Certifications: A+
    WIP: my life
  7. r4merlin

    r4merlin Nibble Poster

    I will look into this when I aint so tired, but basically don't spend money on Credit Cards. (Just dont spend money)

    One thing I got caught out on when I first rented is make sure there is central heating.

    We had none and ended up using electric fires, at the time I did not think they would run up a bill like they did (£1000)

    Hard lesson for me learnt.
  8. Bull Gates

    Bull Gates Byte Poster

    Assets - income (money coming into your pocket)
    Liability - expenses (money going out of your pocket)

    Assets - Salary, Income from Dividends, Rent from Real Estate or some other Property, Return on Investments like Shares, Mutual Funds, Bonds etc...

    Liability - Day-to-Day household expenses, Rent, Payments towards Credit/Loan, etc...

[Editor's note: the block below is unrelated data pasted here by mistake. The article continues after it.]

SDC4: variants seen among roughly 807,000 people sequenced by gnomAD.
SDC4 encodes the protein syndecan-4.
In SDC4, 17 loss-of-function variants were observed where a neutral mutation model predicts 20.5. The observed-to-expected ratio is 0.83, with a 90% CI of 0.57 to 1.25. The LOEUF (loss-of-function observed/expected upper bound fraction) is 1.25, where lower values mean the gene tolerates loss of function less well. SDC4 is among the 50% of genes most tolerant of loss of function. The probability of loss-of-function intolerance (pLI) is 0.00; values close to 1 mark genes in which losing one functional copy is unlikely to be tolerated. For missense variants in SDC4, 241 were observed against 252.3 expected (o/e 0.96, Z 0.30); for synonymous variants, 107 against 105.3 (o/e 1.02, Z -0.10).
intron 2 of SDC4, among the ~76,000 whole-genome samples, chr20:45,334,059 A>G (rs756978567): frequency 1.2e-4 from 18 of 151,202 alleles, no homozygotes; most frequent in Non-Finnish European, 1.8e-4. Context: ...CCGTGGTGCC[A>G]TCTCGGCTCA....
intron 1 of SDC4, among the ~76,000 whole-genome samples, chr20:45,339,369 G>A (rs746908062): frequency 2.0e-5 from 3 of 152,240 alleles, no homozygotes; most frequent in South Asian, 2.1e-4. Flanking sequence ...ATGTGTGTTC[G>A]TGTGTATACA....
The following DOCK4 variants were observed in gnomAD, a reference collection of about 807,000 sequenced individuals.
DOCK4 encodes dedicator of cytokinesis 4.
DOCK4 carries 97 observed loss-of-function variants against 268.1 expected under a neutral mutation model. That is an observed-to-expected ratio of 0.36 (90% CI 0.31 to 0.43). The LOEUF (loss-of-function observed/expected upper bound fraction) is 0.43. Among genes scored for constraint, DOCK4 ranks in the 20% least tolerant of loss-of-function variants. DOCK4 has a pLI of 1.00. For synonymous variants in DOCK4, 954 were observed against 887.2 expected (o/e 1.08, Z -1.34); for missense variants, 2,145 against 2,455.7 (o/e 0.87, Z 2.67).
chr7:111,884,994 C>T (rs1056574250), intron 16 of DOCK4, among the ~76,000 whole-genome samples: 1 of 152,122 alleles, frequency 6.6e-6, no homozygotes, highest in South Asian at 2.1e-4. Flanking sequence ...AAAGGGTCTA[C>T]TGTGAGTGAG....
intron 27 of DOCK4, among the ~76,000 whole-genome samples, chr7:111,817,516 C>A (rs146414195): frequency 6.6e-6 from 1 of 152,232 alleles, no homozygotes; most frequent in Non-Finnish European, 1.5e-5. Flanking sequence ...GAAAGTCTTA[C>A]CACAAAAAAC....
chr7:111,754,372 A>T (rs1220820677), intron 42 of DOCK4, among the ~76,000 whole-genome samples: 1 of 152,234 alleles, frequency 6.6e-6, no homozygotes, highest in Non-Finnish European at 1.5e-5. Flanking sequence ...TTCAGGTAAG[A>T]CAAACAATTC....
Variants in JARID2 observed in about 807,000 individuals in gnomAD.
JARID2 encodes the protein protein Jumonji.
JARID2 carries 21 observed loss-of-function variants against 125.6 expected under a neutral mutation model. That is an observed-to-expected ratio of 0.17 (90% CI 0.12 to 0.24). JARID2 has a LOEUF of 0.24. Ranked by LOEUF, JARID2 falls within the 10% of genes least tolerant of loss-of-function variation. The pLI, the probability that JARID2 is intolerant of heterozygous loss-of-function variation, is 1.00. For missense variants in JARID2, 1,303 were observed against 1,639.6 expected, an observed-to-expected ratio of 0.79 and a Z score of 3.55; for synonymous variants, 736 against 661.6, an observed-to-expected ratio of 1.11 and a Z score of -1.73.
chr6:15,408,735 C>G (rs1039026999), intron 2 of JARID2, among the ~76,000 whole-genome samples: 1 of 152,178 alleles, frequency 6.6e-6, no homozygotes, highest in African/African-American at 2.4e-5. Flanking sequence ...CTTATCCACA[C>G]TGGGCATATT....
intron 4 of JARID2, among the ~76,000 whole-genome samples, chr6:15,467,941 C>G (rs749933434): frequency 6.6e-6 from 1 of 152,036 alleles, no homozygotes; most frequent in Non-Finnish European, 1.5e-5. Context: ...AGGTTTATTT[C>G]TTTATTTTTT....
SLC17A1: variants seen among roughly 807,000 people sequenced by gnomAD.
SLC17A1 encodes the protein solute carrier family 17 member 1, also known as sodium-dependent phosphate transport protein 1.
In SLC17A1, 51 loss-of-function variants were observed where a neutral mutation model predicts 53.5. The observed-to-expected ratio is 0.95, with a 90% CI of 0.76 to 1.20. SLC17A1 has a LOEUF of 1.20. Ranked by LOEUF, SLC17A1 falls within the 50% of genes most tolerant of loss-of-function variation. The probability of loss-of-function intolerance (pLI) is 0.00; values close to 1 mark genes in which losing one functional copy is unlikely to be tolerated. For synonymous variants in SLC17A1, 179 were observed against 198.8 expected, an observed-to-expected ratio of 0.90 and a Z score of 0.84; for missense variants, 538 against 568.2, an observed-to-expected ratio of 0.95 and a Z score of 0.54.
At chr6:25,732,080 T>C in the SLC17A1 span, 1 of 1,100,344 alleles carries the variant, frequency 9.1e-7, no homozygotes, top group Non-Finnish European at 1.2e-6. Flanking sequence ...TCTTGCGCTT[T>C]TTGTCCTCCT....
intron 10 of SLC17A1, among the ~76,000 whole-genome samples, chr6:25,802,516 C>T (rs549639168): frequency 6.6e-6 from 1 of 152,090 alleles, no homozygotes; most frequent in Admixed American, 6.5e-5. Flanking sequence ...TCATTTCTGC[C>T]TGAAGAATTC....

If u want to be a gud money manager then maximize your assets and minimize your liabilities. Its as simple as that:!:
    Certifications: MCP
  9. flex22

    flex22 Gigabyte Poster

    I disagree with that.

    I'm going to start ringing a few ad's for flats I've seen in my local paper.

    I should be able to get by, and that's all I'm interested in at the moment.To have my own space so I can get things done.

    I'll take the advice onboard.

    Btw is their a way ow knowing how much my council tax will be, if it's not included.Is their a website I can check on.